Classless Interdomain Routing (CIDR) notation A notation that is often used to represent an IP address and its subnet mask.
closed source software The software whose source code is not freely available from the original author; Windows 7, for example.
Cluster A grouping of several smaller computers that function as one large supercomputer.
Clustering The act of making a cluster; see also cluster.
command A program that exists on the hard disk and is executed when typed on the command line.
command mode One of the two modes in vi; it allows a user to perform any available text editing task that is not related to inserting text into the document.
Common Unix Printing System (CUPS) The printing system commonly used on Linux computers.
compiz A window manager that is commonly used within the KDE and GNOME desktops to provide 3D effects.
compress command The command used to compress files using a Lempel-Ziv compression algorithm.
compression The process in which files are reduced in size by a compression algorithm.
compression algorithm The set of instructions used to reduce the contents of a file systematically.
compression ratio The amount of compression that occurred during compression.
Concatenation The joining of text to make one larger whole. In Linux, words and strings of text are joined together to form a displayed file.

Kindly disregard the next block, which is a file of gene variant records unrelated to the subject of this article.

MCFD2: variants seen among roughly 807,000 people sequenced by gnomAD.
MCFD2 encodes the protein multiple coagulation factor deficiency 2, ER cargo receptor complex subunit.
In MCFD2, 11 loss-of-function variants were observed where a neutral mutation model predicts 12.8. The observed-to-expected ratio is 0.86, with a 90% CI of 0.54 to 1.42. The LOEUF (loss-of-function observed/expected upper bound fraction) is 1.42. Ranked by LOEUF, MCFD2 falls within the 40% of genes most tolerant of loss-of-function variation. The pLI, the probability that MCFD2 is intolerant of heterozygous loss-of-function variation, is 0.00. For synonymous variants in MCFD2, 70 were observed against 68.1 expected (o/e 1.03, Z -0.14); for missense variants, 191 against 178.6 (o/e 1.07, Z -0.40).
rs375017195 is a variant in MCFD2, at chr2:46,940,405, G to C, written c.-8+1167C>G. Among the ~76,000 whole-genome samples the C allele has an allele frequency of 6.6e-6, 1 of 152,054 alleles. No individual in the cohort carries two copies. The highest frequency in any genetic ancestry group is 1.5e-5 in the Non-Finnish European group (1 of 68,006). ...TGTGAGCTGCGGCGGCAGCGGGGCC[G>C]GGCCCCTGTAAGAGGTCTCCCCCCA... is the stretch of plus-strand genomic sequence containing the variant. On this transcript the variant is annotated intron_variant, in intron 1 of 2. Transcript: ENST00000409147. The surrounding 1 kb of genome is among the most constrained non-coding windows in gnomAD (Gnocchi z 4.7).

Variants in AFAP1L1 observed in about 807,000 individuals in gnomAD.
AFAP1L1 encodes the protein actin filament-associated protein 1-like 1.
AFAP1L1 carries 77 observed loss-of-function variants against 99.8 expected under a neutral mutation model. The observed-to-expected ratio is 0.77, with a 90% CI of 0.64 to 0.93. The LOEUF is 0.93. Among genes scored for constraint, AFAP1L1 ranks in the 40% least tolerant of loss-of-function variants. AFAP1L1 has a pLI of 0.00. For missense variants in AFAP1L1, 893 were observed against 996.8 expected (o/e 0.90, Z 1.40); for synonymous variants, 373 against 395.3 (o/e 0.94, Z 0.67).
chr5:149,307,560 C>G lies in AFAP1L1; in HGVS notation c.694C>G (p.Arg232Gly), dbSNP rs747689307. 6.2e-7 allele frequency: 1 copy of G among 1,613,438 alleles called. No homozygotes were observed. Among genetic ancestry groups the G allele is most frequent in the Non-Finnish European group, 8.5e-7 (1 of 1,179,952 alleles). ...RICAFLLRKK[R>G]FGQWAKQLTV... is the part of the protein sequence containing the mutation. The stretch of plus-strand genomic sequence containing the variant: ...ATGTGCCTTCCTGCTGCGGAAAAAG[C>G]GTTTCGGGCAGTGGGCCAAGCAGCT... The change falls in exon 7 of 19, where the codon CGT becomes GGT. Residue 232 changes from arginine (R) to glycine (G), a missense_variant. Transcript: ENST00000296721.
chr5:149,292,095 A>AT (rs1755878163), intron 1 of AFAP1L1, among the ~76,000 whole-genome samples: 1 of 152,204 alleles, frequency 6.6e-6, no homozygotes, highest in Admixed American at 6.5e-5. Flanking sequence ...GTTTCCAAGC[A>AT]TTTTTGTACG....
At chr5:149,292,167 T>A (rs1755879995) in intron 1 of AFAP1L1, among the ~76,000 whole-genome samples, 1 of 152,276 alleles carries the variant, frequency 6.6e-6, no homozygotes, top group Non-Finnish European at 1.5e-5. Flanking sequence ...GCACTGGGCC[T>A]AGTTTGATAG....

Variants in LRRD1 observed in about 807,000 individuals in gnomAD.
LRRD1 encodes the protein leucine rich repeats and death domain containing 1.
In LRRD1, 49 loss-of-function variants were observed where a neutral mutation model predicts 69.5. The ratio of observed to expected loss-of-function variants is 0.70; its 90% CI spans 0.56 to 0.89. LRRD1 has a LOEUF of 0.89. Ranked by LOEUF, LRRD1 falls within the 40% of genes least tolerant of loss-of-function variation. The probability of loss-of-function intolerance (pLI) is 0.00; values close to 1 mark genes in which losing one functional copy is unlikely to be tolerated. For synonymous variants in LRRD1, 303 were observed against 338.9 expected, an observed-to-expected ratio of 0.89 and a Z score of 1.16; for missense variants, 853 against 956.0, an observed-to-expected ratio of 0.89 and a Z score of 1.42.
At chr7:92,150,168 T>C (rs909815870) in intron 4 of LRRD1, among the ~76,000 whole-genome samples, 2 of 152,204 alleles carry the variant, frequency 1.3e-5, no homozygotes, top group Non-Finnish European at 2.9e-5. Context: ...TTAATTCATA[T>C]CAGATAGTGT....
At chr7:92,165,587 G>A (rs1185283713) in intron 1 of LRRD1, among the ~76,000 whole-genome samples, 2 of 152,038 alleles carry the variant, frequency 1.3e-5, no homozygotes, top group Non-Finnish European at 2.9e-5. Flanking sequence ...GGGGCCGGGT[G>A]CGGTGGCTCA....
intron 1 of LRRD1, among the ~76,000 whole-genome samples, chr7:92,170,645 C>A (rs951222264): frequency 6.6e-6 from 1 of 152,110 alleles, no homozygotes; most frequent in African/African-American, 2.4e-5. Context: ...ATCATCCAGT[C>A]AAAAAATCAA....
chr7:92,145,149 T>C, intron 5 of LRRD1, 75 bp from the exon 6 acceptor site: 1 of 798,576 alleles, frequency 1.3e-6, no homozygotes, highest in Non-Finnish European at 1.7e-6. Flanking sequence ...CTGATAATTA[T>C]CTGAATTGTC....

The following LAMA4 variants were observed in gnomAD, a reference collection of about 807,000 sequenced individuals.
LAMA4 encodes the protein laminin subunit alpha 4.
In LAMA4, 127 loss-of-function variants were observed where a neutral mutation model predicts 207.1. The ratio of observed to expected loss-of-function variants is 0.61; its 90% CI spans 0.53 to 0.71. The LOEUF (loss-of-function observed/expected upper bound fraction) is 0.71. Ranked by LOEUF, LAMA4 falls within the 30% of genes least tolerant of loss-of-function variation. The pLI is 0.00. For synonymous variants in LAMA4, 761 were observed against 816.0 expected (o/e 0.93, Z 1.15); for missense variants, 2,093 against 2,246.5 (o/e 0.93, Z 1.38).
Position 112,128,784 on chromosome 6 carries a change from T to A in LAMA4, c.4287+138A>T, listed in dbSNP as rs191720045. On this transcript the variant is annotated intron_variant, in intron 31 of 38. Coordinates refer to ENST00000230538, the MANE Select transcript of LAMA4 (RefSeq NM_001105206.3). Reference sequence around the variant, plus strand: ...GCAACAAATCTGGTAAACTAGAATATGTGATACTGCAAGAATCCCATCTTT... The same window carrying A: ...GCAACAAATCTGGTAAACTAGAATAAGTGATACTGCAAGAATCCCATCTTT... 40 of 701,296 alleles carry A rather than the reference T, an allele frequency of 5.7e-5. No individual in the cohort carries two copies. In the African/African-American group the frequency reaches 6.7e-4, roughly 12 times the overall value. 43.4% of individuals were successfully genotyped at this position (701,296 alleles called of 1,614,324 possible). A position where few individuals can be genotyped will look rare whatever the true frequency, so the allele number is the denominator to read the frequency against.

counter variable A variable that is altered by loop constructs to ensure that commands are not executed indefinitely.
cp (copy) command The command used to create copies of files and directories.
cpio (copy in/out) command A command used to run a common backup utility.
Cracker A person who uses computer software maliciously for personal profit.
cron daemon (crond) The system daemon that executes tasks repetitively in the future and that is configured using cron tables.
cron table A file specifying tasks to be run by the cron daemon; there are user cron tables and system cron tables.
crontab command The command used to view and edit user cron tables.
cups daemon (cupsd) The daemon responsible for printing in the CUPS printing system.
cupsaccept command The command used to allow a printer to accept jobs into the print queue.
cupsdisable command The command used to prevent print jobs from leaving the print queue.
cupsenable command The command used to allow print jobs to leave the print queue.
cupsreject command The command used to force a printer to reject jobs from entering the print queue.
curl command A command that can be used to obtain a Web page from a Web server.
cylinder A series of tracks on a hard disk that are written to simultaneously by the magnetic heads in a hard disk drive.
Daemon A Linux system process that provides a certain service.
daemon process A system process that is not associated with a terminal.
data blocks A filesystem allocation unit in which the data that makes up the contents of the file as well as the filename are stored.
Database An organized set of data.
database A file that contains data that is organized into tables.
database management system (DBMS) Software that manages databases.
dd command A Linux command that can be used to write image files to a device such as a USB flash memory drive or hard disk.
Debian Package Manager (DPM) A package manager used on Debian and Debian-based Linux distributions.